We would not let a community of 10,000 dump raw sewage into the Great Lakes and I don’t see any difference here. However I would not object if the fish farmers would be willing to build ponds adjacent to but separate from the Great Lakes, utilize the lake water, and then purify it through primary, secondary and tertiary sewage treatment as a municipality would be required to do before returning it to the lakes.

    This would place the true cost of doing business on those who benefit while protecting our Great Lakes. However when the true cost is included up front, I expect most of the profit would be gone making such business ventures far less attractive. To do otherwise would just leave the burden of cleaning up the mess to our children and grandchildren. Most of the environmental messes we are dealing with today are because the environmental consequences were not considered or included in the cost of doing business.

  13. Diane E

    Thank you for sharing your wisdom and experience Dr. Tanner! Let the word be heard!!

  14. John

    The DNR has been fish farming since they built their first hatchery. The Michigan DNR has net pens in the Great Lakes. The DNR has approved releasing non native fish in the Great Lakes. Sport groups have had educational pens in the Great Lakes. One of the greatest threats to wild fish species is over harvesting, that’s why all good sport fisherman practice catch and release. Check out what Jaques Cousteau says about fish farming. Go check out a state of the art fish farm before you make a decision on this.
    Why do sport fisherman think there is only one use for this great resource. See you all on the trout stream, I’ll be the one with the cane pole and red wrigglers. Some live to fish, some fish to live.

    1. Bayard Cournyer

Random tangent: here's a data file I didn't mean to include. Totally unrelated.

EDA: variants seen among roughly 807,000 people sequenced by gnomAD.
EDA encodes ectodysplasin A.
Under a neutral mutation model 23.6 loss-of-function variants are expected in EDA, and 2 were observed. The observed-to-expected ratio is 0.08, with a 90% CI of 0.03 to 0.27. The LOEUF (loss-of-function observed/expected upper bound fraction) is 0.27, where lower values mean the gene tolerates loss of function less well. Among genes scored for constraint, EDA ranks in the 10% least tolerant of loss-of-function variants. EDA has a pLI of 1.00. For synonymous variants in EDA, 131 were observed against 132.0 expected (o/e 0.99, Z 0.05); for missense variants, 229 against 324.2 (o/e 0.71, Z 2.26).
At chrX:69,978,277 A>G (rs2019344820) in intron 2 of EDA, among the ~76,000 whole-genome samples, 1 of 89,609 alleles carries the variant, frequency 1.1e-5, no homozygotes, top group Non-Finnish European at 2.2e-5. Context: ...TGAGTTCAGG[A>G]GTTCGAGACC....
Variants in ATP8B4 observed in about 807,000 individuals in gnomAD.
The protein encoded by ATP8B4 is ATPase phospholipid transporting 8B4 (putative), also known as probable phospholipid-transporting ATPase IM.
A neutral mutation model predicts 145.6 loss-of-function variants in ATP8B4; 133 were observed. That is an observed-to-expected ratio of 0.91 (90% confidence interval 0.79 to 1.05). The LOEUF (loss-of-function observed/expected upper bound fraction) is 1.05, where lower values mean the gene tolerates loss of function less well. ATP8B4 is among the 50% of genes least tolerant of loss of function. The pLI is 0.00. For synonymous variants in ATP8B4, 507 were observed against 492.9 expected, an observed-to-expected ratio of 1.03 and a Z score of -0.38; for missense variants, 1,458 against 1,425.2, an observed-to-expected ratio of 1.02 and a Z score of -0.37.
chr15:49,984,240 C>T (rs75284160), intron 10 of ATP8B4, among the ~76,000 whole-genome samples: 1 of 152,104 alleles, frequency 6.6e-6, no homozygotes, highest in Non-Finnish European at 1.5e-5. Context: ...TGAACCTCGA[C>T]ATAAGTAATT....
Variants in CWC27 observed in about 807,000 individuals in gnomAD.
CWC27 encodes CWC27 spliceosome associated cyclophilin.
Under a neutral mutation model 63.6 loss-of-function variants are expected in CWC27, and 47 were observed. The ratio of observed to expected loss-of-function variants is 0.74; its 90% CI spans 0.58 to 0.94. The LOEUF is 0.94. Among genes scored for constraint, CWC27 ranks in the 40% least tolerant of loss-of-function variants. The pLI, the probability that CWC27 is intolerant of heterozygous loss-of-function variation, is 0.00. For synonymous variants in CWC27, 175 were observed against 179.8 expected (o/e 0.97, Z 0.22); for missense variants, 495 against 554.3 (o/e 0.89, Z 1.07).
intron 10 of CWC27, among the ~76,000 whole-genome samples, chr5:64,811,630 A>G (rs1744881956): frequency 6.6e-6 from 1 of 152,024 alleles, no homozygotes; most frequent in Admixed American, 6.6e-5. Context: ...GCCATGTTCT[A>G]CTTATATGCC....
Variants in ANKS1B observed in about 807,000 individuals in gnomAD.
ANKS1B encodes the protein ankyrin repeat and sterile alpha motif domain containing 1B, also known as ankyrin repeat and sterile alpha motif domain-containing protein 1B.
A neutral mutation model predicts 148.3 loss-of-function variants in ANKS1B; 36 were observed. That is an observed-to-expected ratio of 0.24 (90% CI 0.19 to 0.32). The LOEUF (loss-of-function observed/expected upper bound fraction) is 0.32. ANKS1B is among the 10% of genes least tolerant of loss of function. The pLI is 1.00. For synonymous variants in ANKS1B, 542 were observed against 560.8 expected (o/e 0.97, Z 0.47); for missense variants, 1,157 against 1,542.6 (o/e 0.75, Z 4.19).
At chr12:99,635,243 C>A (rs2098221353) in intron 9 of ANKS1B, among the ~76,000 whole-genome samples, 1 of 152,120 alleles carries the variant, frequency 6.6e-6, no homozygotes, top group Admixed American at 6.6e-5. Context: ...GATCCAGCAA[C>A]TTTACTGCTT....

i’m also one of the oldtimers from Mio, downstream from Grayling. Fish hatchery and city sewage were directly dumped into the AuSable and down to Mio. Now we only have the Hoskins and PBB catle mess to contend with. Thanks DNR and Epa.

  15. Bruce Noble

    Excellent comments and wisdom from one of the greats of Michigan properly managed fisheries. Thank you Dr. Tanner!

  16. Barry Schorfhaar

    Thank you, Dr. Tanner, for the fine article and your continuing work for the future of those precious lakes. I no longer live in the region but it remains in my blood. By the way, I wonder if you crossed paths with my departed father, Dick Schorfhaar. He was Great Lakes Fisheries Sup. out of Harvey until about 96 and in Charlevoix until he retired.

    Barry

  17. Jim Olson

    Howard — Dr. Tanner– you are so right about everything you say on fish-farms (animal waste farms). Importantly, beyond the unlawful pollution and impairment, net/pen farms in the Great Lakes are NOT authorized and CANNOT be authorized under the long-established public trust doctrine that protects every inch, gallon, liter, fish, aqua-critter, shoreline, bottomland, and surface water of the Great Lakes. Michigan holds these waters subject to this public trust, which means as trustee, Michigan and its agencies and leaders has a high, perpetual duty to protect these waters and their protected uses, like fishing, boating, swimming, recreation, from impairment or interference. It also means that the actual area or acreage of the surface or bottomlands CANNOT be leased or by agreement allowed to be occupied for primarily private purposes. Indeed, not even the legislature can attempt to authorize net/pet farms in the Great Lakes for this reason. It simply lacks the power to enact a law that would allow occupancy, leasing, or conveyance to a private person for a primarily private commercial use. Water like the Great Lakes are common in which all citizens have an interest, as beneficiaries of the public trust. Land is for farming, it can be bought, sold, and used if reasonable and not harmful to others or the environment. Water cannot be bought, sold, and used in its natural state like the Great Lakes. Period. It’s time to put an end to this idea, following Howard Tanner’s wise counsel.

    1. Ed DeRoshs

      This sounds like a good argument. How, then, was Michigan able to grant Enbridge an easment to run Line 5 under the Straits of Mackinac?

  18. Mark Byndas

    Thank you so much Dr. Tanner for your wisdom and insight. I hope we all will share this information. Well done indeed Sir.

  19. Kathleen

    This is important to the whole world. Please share what we can do to make a difference.